No Respect for lower Castes in Hinduism? Become a Buddhist! – 3 Oct 11

Caste System

Last week I wrote about people who want to convert others to their belief. I explained why I believe it is not a good idea to even try. I also mentioned that I think more and more people leave religions because of the attempt to force them into a belief. But there are people who absolutely want to convert to another religion and there are of course religions that are happy to accept them as new members.

This happens in India with many people who, in Hinduism, are seen as lower than others. Dalits, people of the lowest castes happily convert in thousands. I read an article about Buddhist events in which thousands of Hindus, most of them of the lower castes, convert to Buddhism. We actually hear about such events quite often.

The reason for this is clear in my eyes: Hindus treat them as humans of second grade, worth less and made to do lower and dirty work. People of higher castes don’t want to eat with them, they think of them as untouchable and try to avoid them whenever possible. They are not respected, face a lot of restrictions within their own religion and that just because they were born into their families! I can understand their anger!

Hinduism is often proud of the fact that you are born a Hindu and I also mentioned that this is a good thing as Hindus thus usually don’t try to convert others. But imagine you are born a Hindu, but a lower-caste Hindu. Would you enjoy being a Hindu? Would you be proud and happy to be a member of this religion? Or would you be happy if a Buddhist monk came to you and offered you to become a Buddhist with all rights and full respect?

I believe everybody would agree that Buddhism here offers a better deal to them! That’s what Hinduism created itself! The caste system is inhumane and does not fit in today’s world. People don’t want to be suppressed by their own religion, especially not when they grow up in a free country, a democracy where they are told that they have a right for free speech, a right to have their own opinion and a right to decide for their lives themselves. Why, if they have the choice, should they choose to live in suppression and as a second grade human?

These ‘lower-caste people’ actually follow the example of B. R. Ambedkar, a man of big importance in the history of India. He, born into an untouchable caste, was one of the first lower caste people to receive university degrees and he is today known as the Chairman of the Drafting Committee of the Indian Constitution – the main writer of our constitution. Ambedkar did exactly the same thing: he converted to Buddhism and fought his whole life long against the discrimination of lower castes. He understood with own experience what it meant to be lower and worse than others because of your birth and in his lifetime already encouraged thousands of lower-caste people to convert, too.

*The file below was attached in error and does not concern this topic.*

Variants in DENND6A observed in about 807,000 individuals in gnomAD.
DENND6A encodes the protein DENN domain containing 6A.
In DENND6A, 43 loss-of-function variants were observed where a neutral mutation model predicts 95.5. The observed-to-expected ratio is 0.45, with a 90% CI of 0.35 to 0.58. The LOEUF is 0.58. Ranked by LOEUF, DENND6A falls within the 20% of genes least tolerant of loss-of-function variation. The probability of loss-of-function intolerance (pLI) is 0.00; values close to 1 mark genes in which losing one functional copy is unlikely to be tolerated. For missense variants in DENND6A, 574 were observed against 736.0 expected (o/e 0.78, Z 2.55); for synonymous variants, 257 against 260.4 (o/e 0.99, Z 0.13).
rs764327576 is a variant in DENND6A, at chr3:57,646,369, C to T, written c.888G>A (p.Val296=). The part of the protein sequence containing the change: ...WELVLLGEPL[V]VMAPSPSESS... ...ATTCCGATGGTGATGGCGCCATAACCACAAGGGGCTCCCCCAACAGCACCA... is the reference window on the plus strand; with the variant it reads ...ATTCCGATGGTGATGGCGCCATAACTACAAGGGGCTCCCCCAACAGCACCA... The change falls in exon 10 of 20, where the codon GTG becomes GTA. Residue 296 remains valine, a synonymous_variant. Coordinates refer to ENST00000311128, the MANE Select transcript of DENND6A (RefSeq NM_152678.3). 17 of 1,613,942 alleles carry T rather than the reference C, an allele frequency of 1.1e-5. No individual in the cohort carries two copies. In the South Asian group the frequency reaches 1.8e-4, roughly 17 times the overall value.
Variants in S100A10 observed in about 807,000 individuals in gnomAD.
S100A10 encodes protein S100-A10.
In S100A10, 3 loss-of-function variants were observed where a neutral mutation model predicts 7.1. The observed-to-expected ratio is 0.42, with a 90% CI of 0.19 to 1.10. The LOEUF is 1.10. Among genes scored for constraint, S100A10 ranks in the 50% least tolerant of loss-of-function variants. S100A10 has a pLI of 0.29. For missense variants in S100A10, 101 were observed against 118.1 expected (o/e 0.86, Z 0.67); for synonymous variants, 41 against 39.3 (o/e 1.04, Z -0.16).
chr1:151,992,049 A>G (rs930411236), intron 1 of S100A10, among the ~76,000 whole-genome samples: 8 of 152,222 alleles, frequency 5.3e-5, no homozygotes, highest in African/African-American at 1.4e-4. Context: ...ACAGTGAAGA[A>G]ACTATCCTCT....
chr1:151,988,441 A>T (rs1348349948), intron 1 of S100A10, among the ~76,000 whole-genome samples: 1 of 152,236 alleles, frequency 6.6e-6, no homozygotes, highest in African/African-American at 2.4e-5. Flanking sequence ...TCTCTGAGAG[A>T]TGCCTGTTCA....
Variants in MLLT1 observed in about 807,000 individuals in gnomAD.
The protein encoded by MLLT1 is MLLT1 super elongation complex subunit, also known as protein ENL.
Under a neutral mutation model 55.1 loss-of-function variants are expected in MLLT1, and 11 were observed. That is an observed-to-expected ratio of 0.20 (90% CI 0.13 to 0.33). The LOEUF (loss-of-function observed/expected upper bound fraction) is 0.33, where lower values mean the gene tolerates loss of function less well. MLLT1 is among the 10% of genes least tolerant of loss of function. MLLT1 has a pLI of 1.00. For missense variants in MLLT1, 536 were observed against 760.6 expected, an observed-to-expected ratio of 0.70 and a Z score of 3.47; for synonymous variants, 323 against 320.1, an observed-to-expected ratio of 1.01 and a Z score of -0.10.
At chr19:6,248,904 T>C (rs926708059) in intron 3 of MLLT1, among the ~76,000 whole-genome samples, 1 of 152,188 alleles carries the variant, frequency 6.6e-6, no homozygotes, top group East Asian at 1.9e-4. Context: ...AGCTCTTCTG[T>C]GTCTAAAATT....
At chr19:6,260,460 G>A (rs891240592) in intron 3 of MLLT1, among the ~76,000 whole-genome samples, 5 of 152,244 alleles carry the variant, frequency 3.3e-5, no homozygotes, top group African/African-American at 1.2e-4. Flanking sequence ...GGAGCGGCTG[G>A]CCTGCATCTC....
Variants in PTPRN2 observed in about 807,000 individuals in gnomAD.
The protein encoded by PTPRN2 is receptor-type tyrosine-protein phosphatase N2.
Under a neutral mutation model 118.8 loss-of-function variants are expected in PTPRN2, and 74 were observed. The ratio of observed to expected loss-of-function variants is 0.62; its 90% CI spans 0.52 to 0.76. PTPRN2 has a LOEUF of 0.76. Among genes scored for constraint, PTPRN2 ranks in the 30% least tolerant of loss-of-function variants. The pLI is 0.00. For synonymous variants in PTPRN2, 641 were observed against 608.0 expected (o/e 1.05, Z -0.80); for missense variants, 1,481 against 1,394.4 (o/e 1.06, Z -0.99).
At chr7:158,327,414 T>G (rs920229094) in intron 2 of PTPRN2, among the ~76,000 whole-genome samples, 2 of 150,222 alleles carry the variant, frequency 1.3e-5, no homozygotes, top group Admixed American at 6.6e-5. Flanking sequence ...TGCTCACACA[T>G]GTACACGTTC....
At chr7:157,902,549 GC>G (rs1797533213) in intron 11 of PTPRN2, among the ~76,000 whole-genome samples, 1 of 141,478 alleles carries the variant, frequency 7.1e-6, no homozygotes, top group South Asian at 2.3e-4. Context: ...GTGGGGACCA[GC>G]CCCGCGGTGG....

It is a logical consequence to suppression by a religion.

(5)

  1. Emily

    Well said, Swami Ji! It pains me very much to see humans discriminated against so severely for something that is completely out of their control. During my travels to the ashram, I passed by many small towns that have been struck with poverty. I saw children with no shoes or clothes and very little to eat. It occurred to me that these children are confined to their poverty because of the caste they were born into. What a tragedy for such beautiful little minds who could do such amazing things in the world! Fortunately, they can look to such figures as B. R. Ambedkar as an example of someone who transcended these religious traditions and social structures in order to create positive change in the world.
    In America, where I live, I see similar types of discrimination based on sexual orientation. Very few U.S. states allow the marriage of two homosexuals, primarily due to religious institutions. Though it may be breaking traditions, I believe that every human should have equal rights to marry as they please, practice religion as they please, and so forth. There is an old saying taught in many cultures that you should “Treat others as you wish to be treated.” It is as simple as that– equality for all.

  2. Steven Vogel

    Very sad that the caste system drives their own Brothers and Sisters away…

  3. Ken Cuyler

    It makes me insane that the faith of Hinduism has been altered so much over the generations that the truths of it are not seen anymore. It has become a way of making and deciding our way instead of meditating on the way. Nothing against Buddhism (although that faith has been extremely altered as well), but Hinduism at its true and high principles has nothing to do with Caste. Lord Krishna speaks of the Caste in the Bhagavad Gita but if the ones who practice it truly read it they would see it is a process of evolution in ones life not a set thing of birth. http://www.eaglespace.com/spirit/gita_castesystem.php Again it makes me insane that people are held to such poor quality of life because of Bad Brahman, False Gurus and power hungry leaders from Generations. I PRAY to Goddess Durga today and each day (today especially since its her day), that she comes in form and stops this craziness that is hurting so many.

  4. Marina

    I can’t find the sense of the religion then. I thought, religion exists to unite the people, to share the love and tolerance…

  5. Tricia

    I know that for the most part many believe the caste system to be over, but there are so many who still believe in its power…I met a priest the other day who told me that he was Brahman, and part of the highest caste in India…that his sons would be priests when they grew up too…he seemed to be so proud of this fact. While I respect that he is a priest, do I respect that he believes In a system that berates and belittles individuals? No.

Leave a Comment